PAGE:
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Economy in Brief

Belgium Struggles to Gain Critical Mass in Recovery
by Robert Brusca  May 25, 2017

The Belgian National Bank indexes reveal a picture of an economy still trying to corral growth. The total industry, manufacturing, wholesale & retail, and construction sector indexes all log negative values in May. Only business services post a positive value. However, if we rank the various sector indexes in their historic queues of data, we find that the services sector with its strong-looking positive value is historically weak and holds the second weakest sector ranking among all sectors in May. Manufacturing with a negative reading comparable in magnitude to those for wholesale/retail and construction nonetheless has a much higher sector ranking that is 'comfortably' at the 78th percentile of its historic queue of data. Meanwhile, the negative raw readings for wholesale/retail and construction are in their 42nd and 50th percentiles, respectively, below their historic means. The sector data essentially admit that the Belgian economy is not doing very well especially in its services sector and construction. The lethargy in manufacturing in some sense 'simply is what it is' and that is a 'business as usual performance' for that sector that has historically weak readings.

For manufacturing, the production trend has a positive reading of 4 in May which translates to a queue percentile standing in its 78th percentile, the same queue standing as for manufacturing overall that reports a negative raw diffusion score in May. However the order standings for Belgium are much more worrying with negative readings of -15 for the domestic order trend and -20 for the foreign order trend. These two barometers post a 21st percentile queue standing for the domestic side and a much weaker 8th percentile standing for the foreign side. These are worrisome levels of standings. The price gauge for Belgian manufacturing prices has been on the decline, easing from 11 in March to 6 in April to 3 in May which nonetheless has a firm 72nd percentile standing. Just a few months ago, the Belgian price gauge was clearly overheating, now that has passed. While the overall manufacturing gauge has been making small increases over 12-month, six-month and three-month, and while the production trend supports those gains, domestic and foreign orders as well as prices show ongoing deterioration. Something will have to give here. These trends are inconsistent.

Apart from the trend results, the current assessment shows negative readings for total orders, foreign orders and inventories. The current assessment shows a sequential progression of improving orders even as trends fall and deteriorate faster. This is quite odd too. One indicator to keep an eye on is the trend reading for foreign orders which saw a complete collapse in May when it fell to -20 from 7 in April. If that outlier proves to be a fluke, the rest of the report looks a little less dour and could line up a little better internally that it does now. And while the order and pricing trends might still register some decay, the current assessments show the opposite improving path and that might work to provide support to the decaying trends in the months ahead. The report as it stands just has too sharp of a deterioration in trends that is inconsistent with an improving current assessment.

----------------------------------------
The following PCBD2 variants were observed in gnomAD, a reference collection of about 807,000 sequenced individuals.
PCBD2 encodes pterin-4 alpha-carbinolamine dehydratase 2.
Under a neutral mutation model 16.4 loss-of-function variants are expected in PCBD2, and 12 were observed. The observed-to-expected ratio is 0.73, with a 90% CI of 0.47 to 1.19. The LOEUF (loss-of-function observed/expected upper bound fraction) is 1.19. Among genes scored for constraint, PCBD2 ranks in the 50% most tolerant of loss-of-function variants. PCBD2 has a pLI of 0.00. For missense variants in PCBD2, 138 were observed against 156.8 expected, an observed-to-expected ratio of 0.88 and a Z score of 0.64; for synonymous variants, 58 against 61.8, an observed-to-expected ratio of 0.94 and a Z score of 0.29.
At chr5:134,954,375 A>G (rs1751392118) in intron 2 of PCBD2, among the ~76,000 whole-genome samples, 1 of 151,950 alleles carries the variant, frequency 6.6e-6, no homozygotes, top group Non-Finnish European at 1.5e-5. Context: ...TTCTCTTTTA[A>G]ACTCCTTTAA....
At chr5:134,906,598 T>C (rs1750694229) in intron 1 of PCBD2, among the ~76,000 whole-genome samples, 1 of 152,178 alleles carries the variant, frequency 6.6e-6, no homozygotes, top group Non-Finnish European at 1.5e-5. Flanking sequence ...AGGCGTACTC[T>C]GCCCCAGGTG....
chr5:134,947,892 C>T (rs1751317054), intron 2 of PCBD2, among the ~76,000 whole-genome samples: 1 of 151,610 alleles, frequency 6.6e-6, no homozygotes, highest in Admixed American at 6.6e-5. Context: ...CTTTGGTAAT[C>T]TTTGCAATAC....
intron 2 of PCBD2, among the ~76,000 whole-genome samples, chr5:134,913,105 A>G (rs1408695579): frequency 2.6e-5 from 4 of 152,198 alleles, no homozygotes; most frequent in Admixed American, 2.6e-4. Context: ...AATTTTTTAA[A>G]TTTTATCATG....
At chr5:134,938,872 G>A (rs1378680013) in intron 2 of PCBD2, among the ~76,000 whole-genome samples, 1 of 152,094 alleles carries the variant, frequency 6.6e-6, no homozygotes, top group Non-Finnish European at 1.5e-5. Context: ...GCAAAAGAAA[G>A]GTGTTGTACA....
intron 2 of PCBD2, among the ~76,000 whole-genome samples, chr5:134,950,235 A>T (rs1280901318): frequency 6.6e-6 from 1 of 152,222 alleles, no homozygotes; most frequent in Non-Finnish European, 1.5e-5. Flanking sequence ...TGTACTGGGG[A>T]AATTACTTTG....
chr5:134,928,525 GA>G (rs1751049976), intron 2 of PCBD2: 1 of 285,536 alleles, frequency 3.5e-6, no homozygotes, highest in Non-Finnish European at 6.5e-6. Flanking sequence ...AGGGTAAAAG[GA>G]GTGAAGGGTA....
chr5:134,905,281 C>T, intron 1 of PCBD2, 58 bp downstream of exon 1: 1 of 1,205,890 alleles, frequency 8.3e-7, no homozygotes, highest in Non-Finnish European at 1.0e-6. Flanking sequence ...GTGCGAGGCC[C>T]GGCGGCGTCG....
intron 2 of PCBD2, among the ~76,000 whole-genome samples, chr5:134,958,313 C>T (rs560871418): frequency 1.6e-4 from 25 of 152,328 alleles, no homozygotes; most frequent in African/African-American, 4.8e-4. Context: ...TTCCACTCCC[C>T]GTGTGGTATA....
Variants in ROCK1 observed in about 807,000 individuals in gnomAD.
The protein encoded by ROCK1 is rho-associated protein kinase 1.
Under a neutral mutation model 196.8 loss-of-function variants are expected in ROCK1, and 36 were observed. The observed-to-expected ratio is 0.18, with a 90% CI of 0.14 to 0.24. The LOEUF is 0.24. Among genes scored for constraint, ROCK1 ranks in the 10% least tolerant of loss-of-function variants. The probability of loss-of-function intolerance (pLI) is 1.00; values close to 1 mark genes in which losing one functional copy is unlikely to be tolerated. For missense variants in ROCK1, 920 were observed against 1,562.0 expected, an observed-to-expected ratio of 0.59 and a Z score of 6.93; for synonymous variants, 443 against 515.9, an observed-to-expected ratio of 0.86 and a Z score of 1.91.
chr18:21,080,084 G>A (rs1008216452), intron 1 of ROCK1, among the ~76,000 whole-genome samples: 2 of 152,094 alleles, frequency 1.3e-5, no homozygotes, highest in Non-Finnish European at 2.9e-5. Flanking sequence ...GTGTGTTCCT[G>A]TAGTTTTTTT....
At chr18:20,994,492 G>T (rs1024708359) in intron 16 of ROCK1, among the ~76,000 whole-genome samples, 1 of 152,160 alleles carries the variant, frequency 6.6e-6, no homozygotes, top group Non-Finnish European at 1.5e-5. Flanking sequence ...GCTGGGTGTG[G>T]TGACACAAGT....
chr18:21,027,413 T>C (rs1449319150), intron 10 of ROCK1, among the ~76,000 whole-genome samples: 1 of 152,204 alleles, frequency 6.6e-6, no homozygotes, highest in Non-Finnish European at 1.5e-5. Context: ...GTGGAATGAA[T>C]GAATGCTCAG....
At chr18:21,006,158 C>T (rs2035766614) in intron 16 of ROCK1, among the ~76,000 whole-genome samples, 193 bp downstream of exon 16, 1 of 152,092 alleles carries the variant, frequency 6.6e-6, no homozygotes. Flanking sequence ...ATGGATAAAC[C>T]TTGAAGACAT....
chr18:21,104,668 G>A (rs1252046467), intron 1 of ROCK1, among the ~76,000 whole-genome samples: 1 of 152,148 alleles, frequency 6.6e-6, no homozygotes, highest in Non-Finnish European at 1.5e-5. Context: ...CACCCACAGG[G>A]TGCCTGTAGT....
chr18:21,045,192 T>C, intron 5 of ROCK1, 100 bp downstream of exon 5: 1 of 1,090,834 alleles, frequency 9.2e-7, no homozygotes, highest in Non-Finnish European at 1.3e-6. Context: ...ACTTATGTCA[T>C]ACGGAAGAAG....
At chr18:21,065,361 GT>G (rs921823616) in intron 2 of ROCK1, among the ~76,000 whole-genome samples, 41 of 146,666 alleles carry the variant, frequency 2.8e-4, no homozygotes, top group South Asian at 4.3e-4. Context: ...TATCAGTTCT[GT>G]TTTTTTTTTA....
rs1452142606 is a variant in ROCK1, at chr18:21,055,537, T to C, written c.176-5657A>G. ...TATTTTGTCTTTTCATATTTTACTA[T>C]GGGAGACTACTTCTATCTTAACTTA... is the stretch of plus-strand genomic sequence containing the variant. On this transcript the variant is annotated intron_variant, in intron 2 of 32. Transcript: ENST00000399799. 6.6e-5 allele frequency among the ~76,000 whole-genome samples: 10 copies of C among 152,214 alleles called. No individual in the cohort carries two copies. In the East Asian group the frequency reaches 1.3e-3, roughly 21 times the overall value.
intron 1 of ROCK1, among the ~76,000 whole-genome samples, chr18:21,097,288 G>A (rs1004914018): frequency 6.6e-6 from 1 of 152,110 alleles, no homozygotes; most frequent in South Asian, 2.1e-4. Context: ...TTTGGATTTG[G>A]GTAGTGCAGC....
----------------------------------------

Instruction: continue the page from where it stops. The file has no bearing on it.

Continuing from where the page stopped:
The other sector gauges show negative readings over each of the last three months for wholesaling/retailing and construction vs. three positive indications for services but with the monthly gains getting progressively smaller. The sequential trends across 12-month, six-month and three-month show a 12-month gain for wholesale/retail vs. declines in the construction and services. Business services show steady declines in momentum across the periods with the sector's strength becoming less pronounced. However, for construction and wholesale/retail, the broader patterns are less clear.

Geographically Belgium is nestled in the euro area sharing borders with France, Germany and the Netherlands. It sits amid some of the euro area's most competitive economies with straightforward across the channel access to the U.K. as well. There has been a ramp up in activity around Belgium in Germany, France, and in the EMU as a whole that does not seem to be benefiting Belgium at all, especially judging from the May collapse in the foreign order trend.

The BNB report raises as many questions as it answers. It reveals a lot of mixed trends with little in the Belgian economy that looks truly solid. And the weakness in the manufacturing sector seems 180-degreees apart from what the recent Markit indexes for the EMU, France and Germany have been doing. The EU Commission indexes, available through April, show much the same overall assessment of manufacturing as the BNB index and the same ongoing erosion in services. But some of the BNB components are still a bit puzzling especially in their weakness. I don't know about Denmark, but this report makes it look like there is something rotten in Belgium.

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